The Super Bowl halftime Show is as highly anticipated as the annual NFL league championship game itself. It’s become a cultural phenomenon that has unified sports, music, and entertainment. Production of the halftime show has come a long way since the first edition in 1967. Earlier shows featured rather forgettable marching band performances and theatrics from Peanuts or Disney characters. Through the decades we have seen the biggest names in music headline, in an extravaganza of greatest hits, unexpected duets, fireworks, and pyrotechnics. Put simply, it’s American entertainment doing what it does best! Here are eight of the best halftime shows.
Michael Jackson (Super Bowl XXVII, 1993)
1993 was the year that changed the format of the halftime show into the spectacle that we know it as today.
Michael Jackson was the first pop superstar to headline the show, and his performance saw TV ratings increase for the first time in Super Bowl history.
The intro is certainly the most memorable. Like magic, MJ jumps out from under the stage to stand still (for about 90 seconds) in that iconic statuesque pose to thousands of screaming fans.
Shakira & Jennifer Lopez (Super Bowl LIV, 2020)
Shakira and J.Lo’s halftime show was a delightful celebration of Latin pop music culture. A medley of hits were performed in Spanish as well as English, with a little help from reggaeton superstars Bad Bunny and J Balvin.
The Kings of Rock and Pop (Super Bowl XXXV, 2001)
In 2001 for one night only, the super group we never asked for and never knew we needed was formed.
“The Kings of Rock and Pop” – Aerosmith, NSYNC, Britney Spears, Mary J Blige, and Nelly. This was peak Y2K pop culture, with beautifully chaotic moments such as Justin Timberlake and Steven Tyler trading off dance moves and Nelly’s cameo rap for the “Walk This Way” finale.
Rihanna (Super Bowl LVII, 2023)
After such a long hiatus (it was her first live performance in five years), there was so much hype building up to Rihanna’s return to the centre stage at Super Bowl LVII. The shock surprise of the night was the reveal of her second pregnancy as she arrived on a floating platform wearing a custom red Loewe jumpsuit designed by JW Anderson. There were no famous guest appearances – Rihanna simply owned the stage with hits like “Umbrella” and “Diamonds”. ASL interpreter Justina Miles went viral with her highly energetic and sassy sign translations of the Barbadian singer’s hits – she was the Super Bowl’s first deaf female performer.
Madonna (Super Bowl XLVI, 2012)
We had Michael Jackson in 1993 and Prince in 2007, so Madonna’s 2012 halftime show booking felt long overdue for such pop royalty. It was certainly worth the wait, with Madonna’s stunning set design, choreography, and outfit switch-ups – plus a moment of pure gospel joy as she was joined by CeeLo Green for a closing performance of “Like a Prayer”.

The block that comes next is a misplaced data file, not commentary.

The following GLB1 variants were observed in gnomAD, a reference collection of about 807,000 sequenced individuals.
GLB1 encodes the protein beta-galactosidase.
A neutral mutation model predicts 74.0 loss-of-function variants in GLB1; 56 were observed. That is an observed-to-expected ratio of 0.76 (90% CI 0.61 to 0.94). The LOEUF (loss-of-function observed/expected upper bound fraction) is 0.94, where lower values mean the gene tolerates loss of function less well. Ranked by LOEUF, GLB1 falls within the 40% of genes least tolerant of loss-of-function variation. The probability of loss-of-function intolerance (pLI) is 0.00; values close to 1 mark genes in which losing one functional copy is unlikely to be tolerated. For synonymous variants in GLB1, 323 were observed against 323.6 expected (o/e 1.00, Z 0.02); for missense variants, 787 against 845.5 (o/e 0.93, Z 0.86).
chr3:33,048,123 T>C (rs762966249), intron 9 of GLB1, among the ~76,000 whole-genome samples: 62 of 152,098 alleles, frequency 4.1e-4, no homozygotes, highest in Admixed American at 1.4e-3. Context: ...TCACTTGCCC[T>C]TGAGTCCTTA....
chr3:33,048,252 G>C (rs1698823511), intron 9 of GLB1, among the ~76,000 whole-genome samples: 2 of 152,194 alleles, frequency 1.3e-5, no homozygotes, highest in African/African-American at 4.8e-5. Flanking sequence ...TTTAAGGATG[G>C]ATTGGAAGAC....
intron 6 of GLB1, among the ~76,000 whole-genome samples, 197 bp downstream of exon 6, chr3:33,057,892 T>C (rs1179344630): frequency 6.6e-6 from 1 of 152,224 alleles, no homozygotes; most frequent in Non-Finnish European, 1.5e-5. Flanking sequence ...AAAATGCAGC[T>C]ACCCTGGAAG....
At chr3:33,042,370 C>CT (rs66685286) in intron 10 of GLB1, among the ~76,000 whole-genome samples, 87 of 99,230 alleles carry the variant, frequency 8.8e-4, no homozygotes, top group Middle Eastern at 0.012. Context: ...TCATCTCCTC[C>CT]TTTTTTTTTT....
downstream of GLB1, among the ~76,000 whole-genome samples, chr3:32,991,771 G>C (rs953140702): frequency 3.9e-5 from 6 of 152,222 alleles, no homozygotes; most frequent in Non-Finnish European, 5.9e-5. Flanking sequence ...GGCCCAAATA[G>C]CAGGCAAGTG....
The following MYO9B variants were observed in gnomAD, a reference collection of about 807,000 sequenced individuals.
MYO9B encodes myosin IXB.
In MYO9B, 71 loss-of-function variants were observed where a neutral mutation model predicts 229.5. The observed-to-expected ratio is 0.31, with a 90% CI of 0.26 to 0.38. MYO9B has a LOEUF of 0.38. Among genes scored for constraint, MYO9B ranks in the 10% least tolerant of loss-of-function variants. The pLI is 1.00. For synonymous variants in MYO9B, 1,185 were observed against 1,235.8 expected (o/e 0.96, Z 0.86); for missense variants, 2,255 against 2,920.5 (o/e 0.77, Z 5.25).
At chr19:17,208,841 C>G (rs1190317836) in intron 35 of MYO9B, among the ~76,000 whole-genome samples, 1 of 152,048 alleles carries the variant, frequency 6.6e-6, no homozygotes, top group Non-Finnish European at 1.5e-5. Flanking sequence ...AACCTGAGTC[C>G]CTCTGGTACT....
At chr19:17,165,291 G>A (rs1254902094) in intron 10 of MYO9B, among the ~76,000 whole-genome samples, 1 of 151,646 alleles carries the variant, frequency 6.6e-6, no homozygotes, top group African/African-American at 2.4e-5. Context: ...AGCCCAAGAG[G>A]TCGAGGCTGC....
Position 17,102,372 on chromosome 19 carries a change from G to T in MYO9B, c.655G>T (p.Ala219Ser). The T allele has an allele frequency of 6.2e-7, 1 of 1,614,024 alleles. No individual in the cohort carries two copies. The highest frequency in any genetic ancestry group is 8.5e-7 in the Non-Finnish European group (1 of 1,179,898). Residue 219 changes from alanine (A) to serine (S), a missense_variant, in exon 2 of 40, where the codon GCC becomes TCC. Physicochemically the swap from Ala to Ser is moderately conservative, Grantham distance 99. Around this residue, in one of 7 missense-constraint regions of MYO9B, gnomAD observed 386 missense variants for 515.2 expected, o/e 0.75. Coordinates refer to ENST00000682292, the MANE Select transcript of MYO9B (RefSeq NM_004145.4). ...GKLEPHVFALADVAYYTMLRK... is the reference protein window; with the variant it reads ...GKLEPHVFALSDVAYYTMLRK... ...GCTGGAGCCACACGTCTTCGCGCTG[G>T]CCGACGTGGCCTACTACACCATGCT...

Beyoncé (Super Bowl XLVII, 2013)
Beyoncé was literally running the world at this point. In 2011 she became the first solo female artist in 20 years to headline Glastonbury’s Pyramid Stage, and just a month before Super Bowl XLVII she performed the American national anthem at the second inauguration of President Obama.
Oozing with confidence, Beyoncé opened with an a cappella rendition of “Love On Top”, and later stunned the audience with the arrival of Kelly and Michelle for a Destiny’s Child reunion.
Dr Dre (Super Bowl LVI, 2022)
It took this long for a hip hop act to finally headline the Super Bowl and it was Dr. Dre, one of the key architects of the genre, who was to deliver such a highly anticipated show.
Inglewood, California was brought to the world stage with a set designed by Es Devlin. So much was packed into these thirteen minutes, with appearances from long-time collaborators Snoop Dogg, 50 Cent, and Mary J Blige. Politically coded moments – such as Eminem kneeling in solidarity with Colin Kaepernick – became highly topical given the NFL’s history with race relations. Compton’s finest Kendrick Lamar gave a powerful performance of “Alright”, wearing a custom Louis Vuitton suit designed by Virgil Abloh.
Prince (Super Bowl XLI, 2007)
Super Bowl XLI at times felt a little bit like the Indianapolis Colts and the Chicago Bears had arrived to play in-between a Prince concert. He stole the show with a masterclass in live rock and roll showmanship: stage presence, crowd interaction, guitar solos, and much, much more. The weather lent itself well to a rather poetic ending as Prince closed the show singing Purple Rain as the heaven’s opened.